Susan's Story

Susan's Story

In March 2020, I was sent home from work, being told that because I had “terminal” cancer and was “high risk” for other illnesses, I would be contagious to other people. That made no sense to me. Cancer isn’t contagious and I never got the “normal” things everyone else seemed to get when the seasons changed. Regardless of the cancer, I was the healthiest person I knew, somehow I let their mania scare me. Alone and with too much time on my hands, my phone
became my best friend. It seemed that everything I read online was one extreme or the other. No in between. Feeling depressed I’d leave the house and wander in the woods. To my surprise I was angrily confronted by people because I was not  covering my face while alone outside. I knew if I am going to rid my body of cancer that fresh air, sunshine and exercise was essential.

To make matters worse I was traumatized as a child and sexually assaulted by my dentist. Since that day, I’ve had trouble breathing if anything was on my face. I made the decision I would continue to hike daily and added swimming in a dozen alpine lakes. I ended up putting over 4 million steps on my watch in 2020, including a trek to the top of Mount Saint Helens. On the way down, the temperature dropped and the wind picked up. I had sunglasses, but they did
very little for the wind blasting us with ash and sand. Then it got very dark and our headlamps weren’t powerful enough to see the next white post, showing us the way. I sat down and cried, twice, wondering how I’d ever make it back to the car but I did. At that time I had active cancer in both legs and my back, where I broke it in 2007, was so tight I could barely move.

One week after Mount Saint Helens, I decided to walk into the Salish Sea. I thought It would either help with the pain in my body or some sea monster might rip out my organs and eat me for dinner. Something had to change and I didn’t care if I ended up dead. I walked in, up to my neck and decided to stay awhile. It only took a minute to feel a release. The cold hurt, but not as much as the pain I was already feeling. At about 7 minutes, I was totally numb. I stayed where I could touch the bottom. Something shifted in my head. Not only did my body feel better, but my brain seemed to decide that I no longer needed to think about all the division going on in the world. I started thanking the water. I found several things to be grateful for and remembered my gratitude practice from 2019. After only 10 minutes, I had joy that I hadn’t felt in so long, I wasn’t even sure what it was. I no longer wanted to die. The cold water was going to teach me to love myself.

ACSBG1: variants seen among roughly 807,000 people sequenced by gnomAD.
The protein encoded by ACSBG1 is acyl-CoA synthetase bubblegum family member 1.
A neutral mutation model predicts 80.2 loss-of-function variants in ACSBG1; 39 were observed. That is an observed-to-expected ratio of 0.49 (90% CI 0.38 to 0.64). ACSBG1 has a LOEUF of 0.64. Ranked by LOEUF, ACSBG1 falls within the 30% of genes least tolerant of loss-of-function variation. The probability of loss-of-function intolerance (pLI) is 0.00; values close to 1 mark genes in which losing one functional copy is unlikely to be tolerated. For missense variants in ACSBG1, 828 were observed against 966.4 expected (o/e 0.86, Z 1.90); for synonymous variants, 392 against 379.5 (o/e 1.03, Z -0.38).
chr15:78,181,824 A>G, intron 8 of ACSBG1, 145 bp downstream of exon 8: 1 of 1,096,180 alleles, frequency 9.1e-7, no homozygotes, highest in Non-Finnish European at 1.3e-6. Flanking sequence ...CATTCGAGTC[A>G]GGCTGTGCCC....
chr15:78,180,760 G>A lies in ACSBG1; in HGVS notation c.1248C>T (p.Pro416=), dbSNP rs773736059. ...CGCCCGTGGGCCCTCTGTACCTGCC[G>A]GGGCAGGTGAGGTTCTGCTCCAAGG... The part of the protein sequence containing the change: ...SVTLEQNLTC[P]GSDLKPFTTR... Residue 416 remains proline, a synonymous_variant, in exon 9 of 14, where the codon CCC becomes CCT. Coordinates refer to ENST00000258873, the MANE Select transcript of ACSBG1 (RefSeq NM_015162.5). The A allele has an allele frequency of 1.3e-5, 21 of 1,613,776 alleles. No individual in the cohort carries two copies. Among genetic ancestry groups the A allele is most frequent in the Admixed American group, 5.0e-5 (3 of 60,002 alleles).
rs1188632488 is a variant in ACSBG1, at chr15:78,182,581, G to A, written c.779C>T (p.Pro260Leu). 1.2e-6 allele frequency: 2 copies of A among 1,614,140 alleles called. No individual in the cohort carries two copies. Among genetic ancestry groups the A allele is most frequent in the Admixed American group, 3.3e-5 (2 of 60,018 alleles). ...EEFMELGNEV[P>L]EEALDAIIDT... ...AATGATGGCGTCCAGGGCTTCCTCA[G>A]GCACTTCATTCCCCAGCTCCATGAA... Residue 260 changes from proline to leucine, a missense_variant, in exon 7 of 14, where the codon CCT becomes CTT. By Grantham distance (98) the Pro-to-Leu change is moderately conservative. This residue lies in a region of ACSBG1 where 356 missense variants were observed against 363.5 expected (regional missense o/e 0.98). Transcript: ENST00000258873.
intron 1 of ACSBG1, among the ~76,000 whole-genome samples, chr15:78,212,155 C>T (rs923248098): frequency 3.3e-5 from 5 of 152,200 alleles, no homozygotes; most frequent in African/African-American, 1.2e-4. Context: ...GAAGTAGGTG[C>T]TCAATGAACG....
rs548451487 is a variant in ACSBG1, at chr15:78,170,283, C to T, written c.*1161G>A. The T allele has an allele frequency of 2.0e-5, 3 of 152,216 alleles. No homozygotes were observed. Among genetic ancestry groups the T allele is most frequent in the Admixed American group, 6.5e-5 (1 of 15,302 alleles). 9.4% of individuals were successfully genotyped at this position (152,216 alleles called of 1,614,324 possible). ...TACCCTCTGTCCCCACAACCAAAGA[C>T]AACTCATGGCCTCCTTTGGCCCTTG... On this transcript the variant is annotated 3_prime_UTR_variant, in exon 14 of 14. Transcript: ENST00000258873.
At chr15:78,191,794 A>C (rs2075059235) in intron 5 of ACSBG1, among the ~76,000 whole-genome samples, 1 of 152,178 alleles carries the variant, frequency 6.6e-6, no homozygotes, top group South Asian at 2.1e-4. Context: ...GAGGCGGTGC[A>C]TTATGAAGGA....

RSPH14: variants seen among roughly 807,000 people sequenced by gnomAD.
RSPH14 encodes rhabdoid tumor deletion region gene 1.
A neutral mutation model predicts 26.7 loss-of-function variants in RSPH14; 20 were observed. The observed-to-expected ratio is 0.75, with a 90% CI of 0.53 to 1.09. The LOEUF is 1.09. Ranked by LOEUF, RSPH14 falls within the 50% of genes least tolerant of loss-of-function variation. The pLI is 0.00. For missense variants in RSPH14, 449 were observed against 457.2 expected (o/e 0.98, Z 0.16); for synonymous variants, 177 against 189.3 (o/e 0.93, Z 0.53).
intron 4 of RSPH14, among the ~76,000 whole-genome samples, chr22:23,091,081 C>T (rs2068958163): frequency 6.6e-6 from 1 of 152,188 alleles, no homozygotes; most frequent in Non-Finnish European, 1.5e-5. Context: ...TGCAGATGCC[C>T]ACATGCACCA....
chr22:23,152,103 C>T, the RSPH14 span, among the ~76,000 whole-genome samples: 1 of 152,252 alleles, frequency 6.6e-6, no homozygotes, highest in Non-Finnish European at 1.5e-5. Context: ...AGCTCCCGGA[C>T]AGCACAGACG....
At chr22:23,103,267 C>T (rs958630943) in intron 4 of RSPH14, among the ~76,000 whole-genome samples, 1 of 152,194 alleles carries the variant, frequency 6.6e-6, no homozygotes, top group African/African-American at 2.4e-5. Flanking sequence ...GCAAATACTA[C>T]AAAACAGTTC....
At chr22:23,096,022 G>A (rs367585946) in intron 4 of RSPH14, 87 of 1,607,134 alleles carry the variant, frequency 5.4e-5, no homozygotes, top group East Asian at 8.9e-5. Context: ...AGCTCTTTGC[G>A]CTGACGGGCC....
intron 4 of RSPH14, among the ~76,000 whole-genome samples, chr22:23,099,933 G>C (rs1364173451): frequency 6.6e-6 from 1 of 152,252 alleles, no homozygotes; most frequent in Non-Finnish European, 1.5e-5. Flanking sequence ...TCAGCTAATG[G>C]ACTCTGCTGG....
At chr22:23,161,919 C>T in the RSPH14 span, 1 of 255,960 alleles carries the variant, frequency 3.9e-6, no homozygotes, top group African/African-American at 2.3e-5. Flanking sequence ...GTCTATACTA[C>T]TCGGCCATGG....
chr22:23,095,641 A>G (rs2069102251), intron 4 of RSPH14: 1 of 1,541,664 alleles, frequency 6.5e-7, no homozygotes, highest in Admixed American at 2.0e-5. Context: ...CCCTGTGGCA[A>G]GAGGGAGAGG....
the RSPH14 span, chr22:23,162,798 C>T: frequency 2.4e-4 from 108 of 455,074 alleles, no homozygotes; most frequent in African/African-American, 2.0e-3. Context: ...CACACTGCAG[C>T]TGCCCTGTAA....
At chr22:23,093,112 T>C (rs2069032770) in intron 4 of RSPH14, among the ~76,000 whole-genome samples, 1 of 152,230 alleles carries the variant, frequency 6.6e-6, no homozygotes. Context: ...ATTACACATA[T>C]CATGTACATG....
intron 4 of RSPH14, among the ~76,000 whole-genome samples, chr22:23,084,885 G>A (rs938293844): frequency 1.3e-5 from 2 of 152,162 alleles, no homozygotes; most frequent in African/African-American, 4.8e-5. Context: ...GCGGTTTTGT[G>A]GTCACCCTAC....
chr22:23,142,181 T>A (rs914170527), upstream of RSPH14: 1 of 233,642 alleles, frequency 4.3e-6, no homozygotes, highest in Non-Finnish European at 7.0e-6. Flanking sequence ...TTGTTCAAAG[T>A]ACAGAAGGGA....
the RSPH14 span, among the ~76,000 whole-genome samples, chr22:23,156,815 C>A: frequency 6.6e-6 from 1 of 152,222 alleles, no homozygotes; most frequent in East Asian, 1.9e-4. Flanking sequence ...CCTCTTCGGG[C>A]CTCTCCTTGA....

I skipped the next day and the doom loop started circling in my head again. I stopped it as soon as I realized it. I used one of my breathing meditations and decided I’d go back to the water the next day. I’ve skipped very few days in three years, no longer feeling like I have to, but knowing the cold water fuels me. I am now close to cancer free, I feel the cold water permeates into the rest of my life and has made everything else better!

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